by Ibrahim Husseini, Days of Palestine/Al Jazeera
Three young Palestinian women are suing two Israeli airlines, El Al and Arkia, for an “intrusive body search” for racial profiling by Israeli security personnel in Belgrade Airport.
The three women, who are Palestinian citizens of Israel, told Al Jazeera that the body search – which took place last October – went well beyond a pat-down and amounted to sexual assault. The incident exceeded two hours, during which the women say they were threatened with being denied permission to board the plane if they did not agree to a strip search.
The defence has until October 20 to answer to the charges, after which the court will appoint a trial date in Tel Aviv.
“I overheard the chief security officer tell [a female officer] that if I did not take off my bra I will not get on the plane,” one of the plaintiffs, who asked that her name not be published, told Al Jazeera. “I couldn’t speak. It was a shock. I completely undressed the upper part of my body. It was painful.”
Awni Bana, the lawyer representing the three women, told Al Jazeera that his clients were subjected to a strip search simply because they were Arab.
“The search was unwarranted,” Bana said. “The women were not acting in a suspicious manner and there was no intelligence suggesting that the women posed a security threat.”
Illegal under international law, racial and ethnic profiling is¬†defined¬†by the United Nations as “reliance by law enforcement, security and border control personnel on race, colour, descent or national or ethnic origin as a basis for subjecting persons to detailed searches, identity checks and investigations”.
The trip to Belgrade was meant to be a short break for the three young women before they resumed their Masters’ studies at the Hebrew University of Jerusalem. They bought their tickets from Arkia Airlines, but El Al handles security checks for all Israeli airlines, including flights bound to¬†Israel.
Not new policy
The women say they were the only passengers pinpointed for extra screening. One of the women fainted during the strip search.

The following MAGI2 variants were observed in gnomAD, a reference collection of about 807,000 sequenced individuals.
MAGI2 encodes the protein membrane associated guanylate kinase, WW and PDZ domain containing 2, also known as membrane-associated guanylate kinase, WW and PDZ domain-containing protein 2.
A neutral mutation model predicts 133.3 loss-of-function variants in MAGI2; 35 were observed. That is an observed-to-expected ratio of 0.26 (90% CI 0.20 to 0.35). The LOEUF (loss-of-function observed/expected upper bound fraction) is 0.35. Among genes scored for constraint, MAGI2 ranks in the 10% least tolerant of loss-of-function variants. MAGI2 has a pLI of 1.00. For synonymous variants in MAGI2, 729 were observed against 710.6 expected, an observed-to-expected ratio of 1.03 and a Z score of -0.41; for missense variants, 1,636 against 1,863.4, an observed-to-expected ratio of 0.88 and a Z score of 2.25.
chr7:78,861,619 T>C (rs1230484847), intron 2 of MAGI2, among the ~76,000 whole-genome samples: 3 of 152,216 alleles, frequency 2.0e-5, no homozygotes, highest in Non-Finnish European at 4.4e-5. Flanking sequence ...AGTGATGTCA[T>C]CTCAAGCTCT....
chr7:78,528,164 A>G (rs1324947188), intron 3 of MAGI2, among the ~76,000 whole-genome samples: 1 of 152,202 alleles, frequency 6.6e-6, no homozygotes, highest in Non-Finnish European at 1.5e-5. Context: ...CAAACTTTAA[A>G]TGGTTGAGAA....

John Coyne, an expert on border security, told Al Jazeera that strip searches “should be a security measure of last resort and should be underpinned by an evidence-based assessment that on the balance of probabilities, the person is concealing something that represents a threat. It should also be undertaken in a respectful manner that seeks to protect the subject’s modesty and by a person of the same gender.”
In a response to questions from Al Jazeera, El Al said in a statement that its security procedures were in accordance with all relevant laws and regulations, noting: “Every action taken by any El Al security employee is closely monitored and debriefed. It goes without saying, that El Al does its very best to keep every security procedure respectful and tolerant.”
However, the Association for Civil Rights in Israel (ACRI), an Israeli NGO active in the defence of¬†human rights, noted that the policy of ethnic profiling by Israeli airlines is “not new.”
ACRI lawyer Shatha Amer told Al Jazeera that the¬†NGO¬†has been in the process of gathering testimonies of passengers subjected to “discriminatory practices” at Ben Gurion Airport, with an ultimate goal of going to court to argue for a policy change.
“By default, you are put under suspicion if you are an Arab,” Amer said.
Petition to Supreme Court
In 2007, ACRI filed a¬†legal petition¬†asking the Supreme Court to rule against ethnic profiling at airports and arguing for the “implementation of uniform and equal criteria for all security processes”.
“[The essential issue is whether it should] be permitted to sweepingly declare a minority group of Israeli citizens as a security threat,” ACRI’s petition¬†stated. The group added during a court hearing on the matter:¬†“A democratic country cannot consent to the humiliation of 20 percent of its citizens.”
But in 2015, Israel’s high court annulled the petition, effectively avoiding a ruling on the practice of ethnic profiling. The high court said that new measures adopted at Israeli airports, which allowed for the screening of travellers away from the public eye, made it unnecessary to rule on the matter.
A “hold baggage screening”¬†system was introduced two years ago at Ben Gurion Airport, providing an “automatic security check system for inspection of passenger luggage”, according to the Israel Airports Authority’s website.